Rome vs Sparta – Who Would Win At Their Peak?

Tom Curley

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A Spartan Soldier

History is brimming with stories of ancient empires and legendary rivalries; few are as renowned as Rome and Sparta. These iconic names evoke images of military might, strategic brilliance, and enduring legacies.

In this journey, we will uncover the historical battles that defined their encounters, tracing these formidable states’ fascinating rise and fall. But the real intrigue lies ahead as we explore the hypothetical scenarios, envisioning an epic showdown between Julius Caesar, the master tactician of Rome, and Pausanias, Sparta’s legendary commander.

Join us on this expedition into the worlds of Rome and Sparta, where history meets imagination in an epic clash for the ages.

Romes vs Sparta – historical battles

Spartan Hoplites charging
Spartan Hoplites charging / Wikimedia Commons

The clash between Rome and Sparta remains an intriguing tale of two formidable powers. Though they never engaged in a confrontation at their peaks, their encounters in the ancient world left a mark.

The Roman Siege of Sparta (195 BC)

In 195 BC, the Roman Republic, led by Flamininus, descended upon the once-mighty Sparta, which had seen better days. The Roman army, numbering around 50,000 strong, encircled the city.

As the Romans stormed the city, the Spartans, realizing their disadvantage, resorted to a cunning strategy. They set fire to the buildings near the city walls, creating a blazing barrier that repelled the Roman advance. The narrow streets of Sparta further hindered Roman progress. This unconventional approach by the Spartans thwarted the Roman siege.

The war, known as the ‘War against Nabis,’ ultimately ended in Sparta’s surrender. Nabis, the tyrant king of Sparta and its last free ruler, was left in charge but became a client king under Roman authority. Rome sought to maintain a somewhat robust Sparta to counterbalance the growing power of the Achaean League.

The siege of gythium

After Flamininus and his legions departed, the Greek states were left to fend for themselves. The major powers in the region were now Macedon, the Aetolians, the strengthened Achaean League, and a weakened Sparta. The Aetolians opposed Roman involvement and encouraged Nabis to reclaim his lost territories.

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In 192 BC, with a bolstered army and navy, Nabis besieged Gythium. The Achaeans sought help from Rome. The Senate dispatched the praetor Atilius with a navy and Flamininus as an envoy. However, the Achaean forces, led by Philopoemen, didn’t wait for the Roman fleet. They suffered a naval defeat against the Spartans. On land, the Achaeans couldn’t break the Spartan blockade around Gythium.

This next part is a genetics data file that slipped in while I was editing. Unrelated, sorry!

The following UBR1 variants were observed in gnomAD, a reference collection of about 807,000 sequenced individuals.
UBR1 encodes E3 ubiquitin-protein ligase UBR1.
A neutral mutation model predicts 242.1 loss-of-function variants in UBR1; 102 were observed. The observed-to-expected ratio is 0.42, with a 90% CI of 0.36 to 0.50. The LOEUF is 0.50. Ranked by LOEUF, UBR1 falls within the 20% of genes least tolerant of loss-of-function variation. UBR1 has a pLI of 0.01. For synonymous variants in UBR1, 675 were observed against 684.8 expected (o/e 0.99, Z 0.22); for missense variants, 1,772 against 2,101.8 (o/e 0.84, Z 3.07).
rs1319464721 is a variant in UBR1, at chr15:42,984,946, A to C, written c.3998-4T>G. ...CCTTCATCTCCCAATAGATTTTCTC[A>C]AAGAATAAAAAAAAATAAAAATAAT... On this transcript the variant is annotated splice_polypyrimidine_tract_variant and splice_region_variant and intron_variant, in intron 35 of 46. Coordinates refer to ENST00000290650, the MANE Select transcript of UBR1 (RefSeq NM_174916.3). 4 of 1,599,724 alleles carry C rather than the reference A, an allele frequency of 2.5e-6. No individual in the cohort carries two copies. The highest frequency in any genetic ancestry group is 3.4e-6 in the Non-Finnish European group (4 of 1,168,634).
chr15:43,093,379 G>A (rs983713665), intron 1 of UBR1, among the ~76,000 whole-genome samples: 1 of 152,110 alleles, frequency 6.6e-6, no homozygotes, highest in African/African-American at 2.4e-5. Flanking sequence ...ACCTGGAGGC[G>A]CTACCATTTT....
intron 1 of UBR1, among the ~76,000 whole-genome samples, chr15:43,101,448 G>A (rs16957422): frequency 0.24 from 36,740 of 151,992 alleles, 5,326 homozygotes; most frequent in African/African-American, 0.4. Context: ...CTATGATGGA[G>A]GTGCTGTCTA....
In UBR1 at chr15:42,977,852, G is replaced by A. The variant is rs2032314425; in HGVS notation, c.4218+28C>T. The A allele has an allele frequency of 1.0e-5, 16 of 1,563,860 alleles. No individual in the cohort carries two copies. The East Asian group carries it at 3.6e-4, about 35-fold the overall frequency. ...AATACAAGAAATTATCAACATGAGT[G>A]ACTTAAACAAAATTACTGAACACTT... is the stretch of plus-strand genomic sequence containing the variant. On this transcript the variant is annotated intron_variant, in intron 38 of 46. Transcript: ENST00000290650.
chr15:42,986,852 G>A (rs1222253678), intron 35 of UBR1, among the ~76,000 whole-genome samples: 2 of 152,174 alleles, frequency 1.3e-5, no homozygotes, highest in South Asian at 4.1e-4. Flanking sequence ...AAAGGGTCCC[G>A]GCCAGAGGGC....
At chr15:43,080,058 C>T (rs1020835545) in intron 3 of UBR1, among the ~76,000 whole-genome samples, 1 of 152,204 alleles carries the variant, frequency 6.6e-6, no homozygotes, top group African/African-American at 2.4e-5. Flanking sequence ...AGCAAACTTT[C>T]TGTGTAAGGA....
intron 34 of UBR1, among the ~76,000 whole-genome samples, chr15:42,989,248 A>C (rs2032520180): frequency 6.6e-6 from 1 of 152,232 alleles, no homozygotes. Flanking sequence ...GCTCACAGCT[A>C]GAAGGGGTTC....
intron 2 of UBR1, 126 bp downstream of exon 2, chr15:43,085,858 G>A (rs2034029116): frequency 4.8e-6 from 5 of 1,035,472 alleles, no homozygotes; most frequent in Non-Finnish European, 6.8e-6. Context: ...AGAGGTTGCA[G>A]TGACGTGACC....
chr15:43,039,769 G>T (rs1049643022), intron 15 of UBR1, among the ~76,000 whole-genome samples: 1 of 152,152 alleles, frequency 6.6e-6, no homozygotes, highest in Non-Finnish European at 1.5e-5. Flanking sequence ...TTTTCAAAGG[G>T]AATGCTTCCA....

Philopoemen re-entered Laconia, achieving a victory despite an ambush. Plans were underway to capture Sparta, but Flamininus persuaded Philopoemen to spare the city. Nabis accepted the existing conditions and surrendered under similar terms to the previous treaty.

The end of Sparta

As Sparta’s power waned, Nabis turned to the Aetolians for help. They sent cavalry led by Alexamenus, who fatally charged at Nabis during a drill. The Aetolian troops briefly occupied the palace but were eventually driven out. Philopoemen entered Sparta with the Achaean army, making it part of the League while preserving its laws and territory but not restoring the exiled Spartan warrior class.

In 189 BC, Rome allowed most hostages to return to Sparta, excluding Nabis’s deceased son. Still lacking a port and facing political and economic issues, Spartans captured Las, home to many exiles, triggering the endgame for Spartan independence. The Achaeans demanded the culprits’ surrender. They responded by murdering pro-Achaean citizens, seceding from the League, and seeking Roman protection, which Rome didn’t oppose.

In 188 BC, Philopoemen marched into northern Laconia, massacred anti-Achaean individuals, demolished Nabis’s walls, and reinstated exiles while replacing Spartan law with Achaean law. This marked the end of Sparta’s prominence, with Achaea rising as the dominant power in the Peloponnese.

Rome vs Sparta at their peak

We must decide when the Spartan and Roman armies peaked for this intriguing hypothetical scenario.

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Sparta at its peak

Battle of Thermopylae Spartans and Persians
Spartans and Persians at the Battle of Thermopylae / Wikimedia Commons